Episode 88 | Posted on

Close Six and Seven Figure Deals with These Powerful Distinctions: Ephraim Olschewski

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This Week’s Guest:

There are two main kinds of learning: informative learning and transformative learning. Informative learning, as its name suggests, is when you learn information; this is the kind of learning you might get from books on sales tactics and techniques, for example. Transformative learning, on the other hand, occurs when an experience transforms the way you experience your life from that time on.

 

I hope that all of my Marketing Speak episodes offer valuable informative learning, but I truly believe that this one can offer transformative learning as well. My guest, Ephraim Olschewski, is someone who has had a profound impact on my life — and I hope he will on yours as well. Ephraim is a high-performance coach for executives and business owners, with his rates starting at $100k a year for individuals and $1 million a year for organizations. Despite these high-value deals, he doesn’t use contracts at all. In this conversation, he explains the compelling reason why, and offers insight into how to show up powerfully in your business and the world.

 

Find Out More About Ephraim Here:

Ephraim S Olschewski on Facebook
@EOlschewski on Twitter
Ephraim Olschewski on LinkedIn
ephraim@ephraimolschewski.com

 

In This Episode:

  • [02:04] – Ephraim starts things off by addressing the powerful question of how he closes 6- and 7-figure deals. Stephan mentions that the answer has to do with relatedness and the “wall of context.”
  • [04:42] – Stephan brings up an analogy that Ephraim has used before, which is that we’re all living in our own movie theater. Ephraim then takes us a step back.
  • [06:49] – Ephraim talks a bit more about being in someone else’s “movie theater.” This is what’s going on when you feel like someone really gets you, he explains.
  • [08:19] – What if you get someone, but they don’t feel gotten?
  • [10:10] – Despite his extremely high-value deals, Ephraim surprisingly doesn’t use contracts. He explains the incredibly powerful reason why.
  • [12:41] – Ephraim takes a moment to differentiate between an agreement and a contract, as he uses the terms. Despite not using contracts, he does use agreements, he explains.
  • [14:13] – We hear more about how important one’s word is, with Ephraim explaining that “language is the foundation of creation.” He and Stephan talk about the difference between honor and keeping your word.
  • [19:21] – Stephan lists some tactics people use, and then explains that these tactics are just sleight-of-hand tricks compared to the strategy of being authentic. Ephraim then points out that he has never had any actual sales training.
  • [21:36] – Ephraim goes into more depth on why he hasn’t had training on sales.
  • [23:14] – We learn why Ephraim likes Grant Cardone, whose book The Closer’s Survival Guide he gave to Stephan.
  • [26:13] – Ephraim is not a fan of tactics and strategies, he points out, and then talks about working with a client who is in the real estate world.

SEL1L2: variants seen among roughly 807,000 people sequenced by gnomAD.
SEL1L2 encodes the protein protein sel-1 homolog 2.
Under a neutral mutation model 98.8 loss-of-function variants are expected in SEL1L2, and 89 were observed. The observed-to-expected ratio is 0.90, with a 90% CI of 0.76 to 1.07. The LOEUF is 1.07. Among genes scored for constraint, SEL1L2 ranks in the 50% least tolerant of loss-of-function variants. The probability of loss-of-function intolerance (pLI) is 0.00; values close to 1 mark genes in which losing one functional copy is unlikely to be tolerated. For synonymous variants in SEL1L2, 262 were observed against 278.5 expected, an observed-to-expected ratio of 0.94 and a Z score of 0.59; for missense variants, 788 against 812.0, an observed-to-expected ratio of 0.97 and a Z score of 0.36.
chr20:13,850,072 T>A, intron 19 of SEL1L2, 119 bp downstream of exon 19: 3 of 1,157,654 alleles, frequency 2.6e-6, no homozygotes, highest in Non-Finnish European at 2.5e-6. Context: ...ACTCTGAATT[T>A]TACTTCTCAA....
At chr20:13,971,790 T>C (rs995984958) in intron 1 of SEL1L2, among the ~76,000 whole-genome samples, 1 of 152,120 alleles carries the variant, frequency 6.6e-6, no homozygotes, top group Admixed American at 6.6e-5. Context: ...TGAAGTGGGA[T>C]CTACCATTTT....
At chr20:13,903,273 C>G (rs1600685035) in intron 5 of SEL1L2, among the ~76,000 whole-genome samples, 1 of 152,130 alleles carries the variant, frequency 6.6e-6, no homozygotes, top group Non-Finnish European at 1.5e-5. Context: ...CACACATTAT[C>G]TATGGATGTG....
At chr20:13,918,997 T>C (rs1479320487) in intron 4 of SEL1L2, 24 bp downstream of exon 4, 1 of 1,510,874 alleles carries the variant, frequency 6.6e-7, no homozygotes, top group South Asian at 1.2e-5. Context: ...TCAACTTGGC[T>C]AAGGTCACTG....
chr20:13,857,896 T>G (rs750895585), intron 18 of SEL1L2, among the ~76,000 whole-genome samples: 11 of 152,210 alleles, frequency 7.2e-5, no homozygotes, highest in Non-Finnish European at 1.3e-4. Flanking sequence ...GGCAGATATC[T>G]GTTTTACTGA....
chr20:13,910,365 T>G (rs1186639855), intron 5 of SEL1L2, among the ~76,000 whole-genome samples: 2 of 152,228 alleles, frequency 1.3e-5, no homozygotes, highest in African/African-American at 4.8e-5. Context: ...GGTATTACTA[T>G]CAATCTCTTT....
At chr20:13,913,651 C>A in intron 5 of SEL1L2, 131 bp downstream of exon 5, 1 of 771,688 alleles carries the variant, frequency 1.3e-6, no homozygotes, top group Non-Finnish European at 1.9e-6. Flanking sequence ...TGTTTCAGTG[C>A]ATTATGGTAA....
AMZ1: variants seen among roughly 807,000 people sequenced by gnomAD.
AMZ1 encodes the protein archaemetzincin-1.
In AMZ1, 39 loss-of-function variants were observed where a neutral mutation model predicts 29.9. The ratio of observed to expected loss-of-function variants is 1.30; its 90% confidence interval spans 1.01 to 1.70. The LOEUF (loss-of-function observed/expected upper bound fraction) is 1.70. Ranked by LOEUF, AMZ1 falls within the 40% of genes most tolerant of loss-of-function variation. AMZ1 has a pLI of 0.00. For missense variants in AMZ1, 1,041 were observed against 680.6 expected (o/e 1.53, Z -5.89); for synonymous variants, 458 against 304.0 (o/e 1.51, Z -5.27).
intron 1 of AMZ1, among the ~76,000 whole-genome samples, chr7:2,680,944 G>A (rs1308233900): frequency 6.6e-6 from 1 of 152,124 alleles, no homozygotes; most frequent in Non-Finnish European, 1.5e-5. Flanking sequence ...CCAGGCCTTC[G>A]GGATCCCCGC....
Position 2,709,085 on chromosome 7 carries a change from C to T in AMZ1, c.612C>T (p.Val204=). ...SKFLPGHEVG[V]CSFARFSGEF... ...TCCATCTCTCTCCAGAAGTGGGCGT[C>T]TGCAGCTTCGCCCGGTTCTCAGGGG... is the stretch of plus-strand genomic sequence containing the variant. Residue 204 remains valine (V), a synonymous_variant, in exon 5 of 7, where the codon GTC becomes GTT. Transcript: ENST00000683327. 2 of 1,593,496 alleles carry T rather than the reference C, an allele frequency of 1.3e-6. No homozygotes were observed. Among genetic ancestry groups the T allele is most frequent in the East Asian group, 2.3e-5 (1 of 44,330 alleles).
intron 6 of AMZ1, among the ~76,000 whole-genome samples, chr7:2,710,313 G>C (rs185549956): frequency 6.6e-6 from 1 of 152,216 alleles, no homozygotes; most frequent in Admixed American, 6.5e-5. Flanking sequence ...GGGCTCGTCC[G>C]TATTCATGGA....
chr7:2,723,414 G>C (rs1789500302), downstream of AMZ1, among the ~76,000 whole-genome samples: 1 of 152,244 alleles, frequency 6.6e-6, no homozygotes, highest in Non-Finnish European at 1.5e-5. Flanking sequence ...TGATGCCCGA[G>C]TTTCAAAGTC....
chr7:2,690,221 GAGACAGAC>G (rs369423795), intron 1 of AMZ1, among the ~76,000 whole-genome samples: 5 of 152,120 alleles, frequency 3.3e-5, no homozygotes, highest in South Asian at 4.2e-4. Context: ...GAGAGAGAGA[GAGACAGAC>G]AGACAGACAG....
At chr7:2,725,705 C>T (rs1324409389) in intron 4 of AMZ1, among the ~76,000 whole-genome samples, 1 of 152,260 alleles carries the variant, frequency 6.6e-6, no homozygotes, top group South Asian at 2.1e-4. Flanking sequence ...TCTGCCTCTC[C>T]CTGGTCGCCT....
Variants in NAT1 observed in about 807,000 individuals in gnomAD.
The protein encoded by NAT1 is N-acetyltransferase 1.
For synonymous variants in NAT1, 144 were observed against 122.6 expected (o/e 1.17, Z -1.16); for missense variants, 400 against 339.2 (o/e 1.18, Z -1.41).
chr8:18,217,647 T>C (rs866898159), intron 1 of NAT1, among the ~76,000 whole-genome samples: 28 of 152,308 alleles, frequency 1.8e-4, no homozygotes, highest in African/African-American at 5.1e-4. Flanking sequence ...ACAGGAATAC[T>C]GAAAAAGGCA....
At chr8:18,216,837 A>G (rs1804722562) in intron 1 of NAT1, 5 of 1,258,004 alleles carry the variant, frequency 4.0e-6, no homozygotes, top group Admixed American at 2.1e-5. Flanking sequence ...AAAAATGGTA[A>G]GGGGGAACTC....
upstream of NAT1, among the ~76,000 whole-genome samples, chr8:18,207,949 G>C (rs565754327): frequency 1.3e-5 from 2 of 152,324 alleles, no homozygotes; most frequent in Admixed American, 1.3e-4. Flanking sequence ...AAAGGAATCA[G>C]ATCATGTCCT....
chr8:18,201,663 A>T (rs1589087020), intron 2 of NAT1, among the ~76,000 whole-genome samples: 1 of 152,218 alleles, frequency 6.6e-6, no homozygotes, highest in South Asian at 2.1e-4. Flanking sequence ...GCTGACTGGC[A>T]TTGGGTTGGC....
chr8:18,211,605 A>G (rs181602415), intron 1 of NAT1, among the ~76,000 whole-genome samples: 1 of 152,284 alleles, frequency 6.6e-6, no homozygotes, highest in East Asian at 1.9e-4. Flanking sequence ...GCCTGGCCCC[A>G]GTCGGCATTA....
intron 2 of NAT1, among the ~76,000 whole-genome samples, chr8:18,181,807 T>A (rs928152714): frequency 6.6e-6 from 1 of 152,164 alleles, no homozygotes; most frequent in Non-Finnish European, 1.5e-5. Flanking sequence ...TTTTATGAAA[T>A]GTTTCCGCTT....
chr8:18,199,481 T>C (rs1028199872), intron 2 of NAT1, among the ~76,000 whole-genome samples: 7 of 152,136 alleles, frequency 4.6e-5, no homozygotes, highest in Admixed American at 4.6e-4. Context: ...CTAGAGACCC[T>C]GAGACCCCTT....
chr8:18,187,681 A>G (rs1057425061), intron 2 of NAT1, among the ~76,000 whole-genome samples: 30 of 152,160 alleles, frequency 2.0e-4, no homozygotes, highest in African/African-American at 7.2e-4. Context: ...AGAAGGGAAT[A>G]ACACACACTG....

• [30:10] – Stephan digs deeper into how, as Ephraim put it, “being a decent human being doesn’t have to be a strategy.” He talks about ways to show you care, offering an example in which he gave someone gourmet hot dogs.
  • [33:02] – Ephraim addresses the topic of whether you can sell something that you don’t actually believe in.
  • [34:58] – Why does one need to have certainty to be effective at selling?
  • [37:13] – Ephraim offers advice for how to get into a state of certainty (which is not the same thing as falsely confident bravado).
  • [39:28] – We return for a moment to the importance of doing what you said you would do and showing up exactly when you said you would.
  • [41:49] – Ephraim takes a moment to talk about how he’s raised his children to assess whether they’re creating or complaining.
  • [44:42] – Stephan explains some of the terminology that he and Ephraim have been using, such as “being a stand.” Ephraim then talks about the ability of each of us to make a difference for the people around us.
  • [47:49] – Ephraim talks about being cause in the matter when someone else is in a bad mood or a negative space.
  • [50:15] – In a situation like this, would Ephraim ask a question to bring the conversation or interactive to a more positive outcome?
  • [52:30] – Ephraim talks about how he would react if someone was being abusive to a colleague or coworker.
  • [55:11] – Ephram offers suggestions for turning workability and relatedness into referrals.
  • [56:44] – After you’ve successfully arrived at a state of workability, how do you get to high performance? After Ephraim answers, he and Stephan talk about deleting social media from their phones.
  • [60:11] – Stephan talks about having reached the point of being okay with keeping the Facebook app on his phone (which he needs for Facebook Live), now that he has broken his addiction to checking it constantly.
  • [63:21] – Ephraim talks about how listeners can get in touch if they want to work with him after hearing this conversation.
  • [64:59] – Ephraim takes a moment to describe the event he has coming up in September 2017, which costs $2,799 to attend.

Links and Resources:

Ephraim S Olschewski on Facebook
@EOlschewski on Twitter
Ephraim Olschewski on LinkedIn
ephraim@ephraimolschewski.com
Ephraim Olschewski on the Optimized Geek (#27)
Werner Erhard
Michael Jensen
Integrity – A New Model by Werner Erhard and Michael Jenson
The Four Agreements by Don Miguel Ruiz
The Art of War by Sun Tzu
Pre-Suasion by Robert Cialdini
The Closer’s Survival Guide by Grant Cardone
Love Does by Bob Goff
Stealing Fire by Steven Kotler
The Rise of Superman by Steven Kotler
Landmark Education
Social Media Is the New Nicotine with Bill Maher
Messenger.com

 

 

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